Trimester 1 - March
- Start date: March
- Available at:
- Burwood (Melbourne)
- Waurn Ponds (Geelong)
- Cloud Campus
Trimester 2 - July
- Start date: July
- Available at:
- Burwood (Melbourne)
- Waurn Ponds (Geelong)
- Cloud Campus
Deakin splits the academic year into three terms, known as trimesters. Most students usually undertake two trimesters each year (March-June, July-November).
Additional course information
For information regarding hardware and software requirements, please refer to the School of Information Technology's website, www.deakin.edu.au/information-technology/students or telephone 03 9244 6699.
Course duration - additional information
Course duration may be affected by delays in completing course requirements, such as accessing or completing work placements.
Mandatory student checks
Any unit which contains work integrated learning, a community placement or interaction with the community may require a police check, Working with Children Check or other check.
You can expect to participate in a range of teaching activities each week. This could include classes, seminars, practicals and online interaction. You can refer to the individual unit details in the course structure for more information. You will also need to study and complete assessment tasks in your own time.
Placement can occur at any time, including during the standard holiday breaks listed here: https://www.deakin.edu.au/courses/key-dates.
Elective units may be selected that include compulsory placements, work-based training, community-based learning or collaborative research training arrangements.
Reasonable adjustments to participation and other course requirements will be made for students with a disability. Click here for more information.
This course includes a compulsory work placement where you will be required to undertake a minimum of 100 hours in industry, providing professional work experience with an approved host organisation. Alternatively, high achieving students may have the opportunity to undertake an extended full-time paid industry-based learning placement between 6 – 12 weeks (conditions apply, please refer to deakin.edu.au/sebe/wil.)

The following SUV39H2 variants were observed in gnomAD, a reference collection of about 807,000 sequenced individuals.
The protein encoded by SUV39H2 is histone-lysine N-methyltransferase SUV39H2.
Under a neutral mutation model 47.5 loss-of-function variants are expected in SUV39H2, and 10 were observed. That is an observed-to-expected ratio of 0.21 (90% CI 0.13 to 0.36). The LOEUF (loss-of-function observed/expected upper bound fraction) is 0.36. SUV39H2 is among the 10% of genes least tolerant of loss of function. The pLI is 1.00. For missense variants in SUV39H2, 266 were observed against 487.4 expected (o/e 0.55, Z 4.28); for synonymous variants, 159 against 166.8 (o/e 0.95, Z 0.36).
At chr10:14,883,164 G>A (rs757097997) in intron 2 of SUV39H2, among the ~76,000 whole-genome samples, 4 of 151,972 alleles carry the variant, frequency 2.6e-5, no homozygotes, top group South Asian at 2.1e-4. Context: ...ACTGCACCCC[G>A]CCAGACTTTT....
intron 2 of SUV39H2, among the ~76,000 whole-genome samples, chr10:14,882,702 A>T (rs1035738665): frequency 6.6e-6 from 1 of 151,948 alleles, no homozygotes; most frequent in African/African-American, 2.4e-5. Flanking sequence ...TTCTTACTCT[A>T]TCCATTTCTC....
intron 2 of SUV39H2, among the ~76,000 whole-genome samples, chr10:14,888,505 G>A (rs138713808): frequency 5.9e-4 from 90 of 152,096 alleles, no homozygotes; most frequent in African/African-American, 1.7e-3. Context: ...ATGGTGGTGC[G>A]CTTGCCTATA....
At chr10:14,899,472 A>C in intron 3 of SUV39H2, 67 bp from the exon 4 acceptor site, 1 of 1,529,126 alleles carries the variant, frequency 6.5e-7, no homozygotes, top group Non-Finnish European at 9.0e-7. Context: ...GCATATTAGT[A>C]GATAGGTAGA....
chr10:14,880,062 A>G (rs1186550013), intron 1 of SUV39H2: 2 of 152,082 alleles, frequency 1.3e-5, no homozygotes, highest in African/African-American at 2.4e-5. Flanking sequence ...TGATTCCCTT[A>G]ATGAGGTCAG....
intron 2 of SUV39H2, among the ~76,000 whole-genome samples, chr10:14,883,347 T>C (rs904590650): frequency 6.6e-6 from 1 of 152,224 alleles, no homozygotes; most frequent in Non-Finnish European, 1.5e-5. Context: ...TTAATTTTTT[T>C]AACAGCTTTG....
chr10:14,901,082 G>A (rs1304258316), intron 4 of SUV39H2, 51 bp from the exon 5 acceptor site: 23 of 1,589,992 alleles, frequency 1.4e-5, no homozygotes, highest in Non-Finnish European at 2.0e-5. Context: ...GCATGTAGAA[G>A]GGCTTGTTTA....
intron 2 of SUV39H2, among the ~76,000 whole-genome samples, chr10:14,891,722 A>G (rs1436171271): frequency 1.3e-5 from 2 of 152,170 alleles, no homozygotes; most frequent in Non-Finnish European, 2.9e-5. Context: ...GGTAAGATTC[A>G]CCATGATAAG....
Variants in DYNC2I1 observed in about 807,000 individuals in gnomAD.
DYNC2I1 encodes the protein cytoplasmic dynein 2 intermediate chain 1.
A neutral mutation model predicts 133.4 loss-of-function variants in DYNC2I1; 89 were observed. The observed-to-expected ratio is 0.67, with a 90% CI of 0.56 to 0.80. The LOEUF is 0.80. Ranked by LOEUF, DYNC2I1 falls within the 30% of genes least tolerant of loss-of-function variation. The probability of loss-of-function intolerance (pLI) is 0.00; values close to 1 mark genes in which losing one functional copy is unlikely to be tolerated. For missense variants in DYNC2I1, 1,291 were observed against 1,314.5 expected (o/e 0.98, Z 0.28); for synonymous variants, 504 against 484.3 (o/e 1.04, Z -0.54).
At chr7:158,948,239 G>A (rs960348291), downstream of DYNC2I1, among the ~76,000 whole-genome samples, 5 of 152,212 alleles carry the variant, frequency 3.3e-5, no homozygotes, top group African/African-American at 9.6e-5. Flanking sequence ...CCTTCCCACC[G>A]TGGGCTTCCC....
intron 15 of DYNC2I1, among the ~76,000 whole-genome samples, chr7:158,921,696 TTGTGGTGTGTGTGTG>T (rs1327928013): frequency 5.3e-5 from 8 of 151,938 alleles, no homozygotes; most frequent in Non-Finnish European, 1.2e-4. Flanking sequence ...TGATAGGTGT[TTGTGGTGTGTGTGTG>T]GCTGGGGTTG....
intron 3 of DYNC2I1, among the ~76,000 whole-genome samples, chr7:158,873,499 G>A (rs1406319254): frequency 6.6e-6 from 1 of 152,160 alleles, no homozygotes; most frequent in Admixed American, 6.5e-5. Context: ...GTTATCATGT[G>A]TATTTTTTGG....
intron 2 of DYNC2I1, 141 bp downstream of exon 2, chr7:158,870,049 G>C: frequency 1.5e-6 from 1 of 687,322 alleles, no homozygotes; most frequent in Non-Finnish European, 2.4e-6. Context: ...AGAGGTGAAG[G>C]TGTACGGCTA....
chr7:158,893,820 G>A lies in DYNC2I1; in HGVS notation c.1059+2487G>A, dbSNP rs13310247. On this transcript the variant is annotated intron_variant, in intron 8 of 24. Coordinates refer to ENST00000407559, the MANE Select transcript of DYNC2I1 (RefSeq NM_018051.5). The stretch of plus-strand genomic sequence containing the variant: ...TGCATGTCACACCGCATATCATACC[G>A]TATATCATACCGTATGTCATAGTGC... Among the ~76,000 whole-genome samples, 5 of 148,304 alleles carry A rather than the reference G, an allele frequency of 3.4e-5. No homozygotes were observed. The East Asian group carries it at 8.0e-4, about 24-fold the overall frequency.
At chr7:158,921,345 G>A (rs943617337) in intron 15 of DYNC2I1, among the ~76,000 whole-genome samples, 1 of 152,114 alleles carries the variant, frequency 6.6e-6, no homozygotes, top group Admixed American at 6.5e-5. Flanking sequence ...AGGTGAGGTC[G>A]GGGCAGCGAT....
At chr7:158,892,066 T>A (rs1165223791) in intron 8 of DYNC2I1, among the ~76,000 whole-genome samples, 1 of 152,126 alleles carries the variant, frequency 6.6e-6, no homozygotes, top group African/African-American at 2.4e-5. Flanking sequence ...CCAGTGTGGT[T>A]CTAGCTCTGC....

Elective units may also provide additional opportunities for Work Integrated Learning experiences.
Ask a question about studying at Deakin
Deakin University offers admission to undergraduate courses through a number of Admission categories.
All applicants must meet the minimum English language requirements.
Please note that meeting the minimum admission requirements does not guarantee selection, which is based on merit, likelihood of success and availability of places in the course.
For more information on the Admission Criteria and Selection (Higher Education Courses) Policy visit the Deakin Policy Library
Entry for applicants with recent secondary education (previous three years) will be based on their performance in the Victorian Certificate of Education (VCE) or its equivalent, with pre-requisite units 3 and 4; a study score of at least 25 in English EAL (English as an additional language) or 20 in English other than EAL. Applicants will be selected in accordance with the published clearly-in Australian Tertiary Admission Rank (ATAR) for that year.
Refer to the VTAC Guide for the latest pre-requisite information www.vtac.edu.au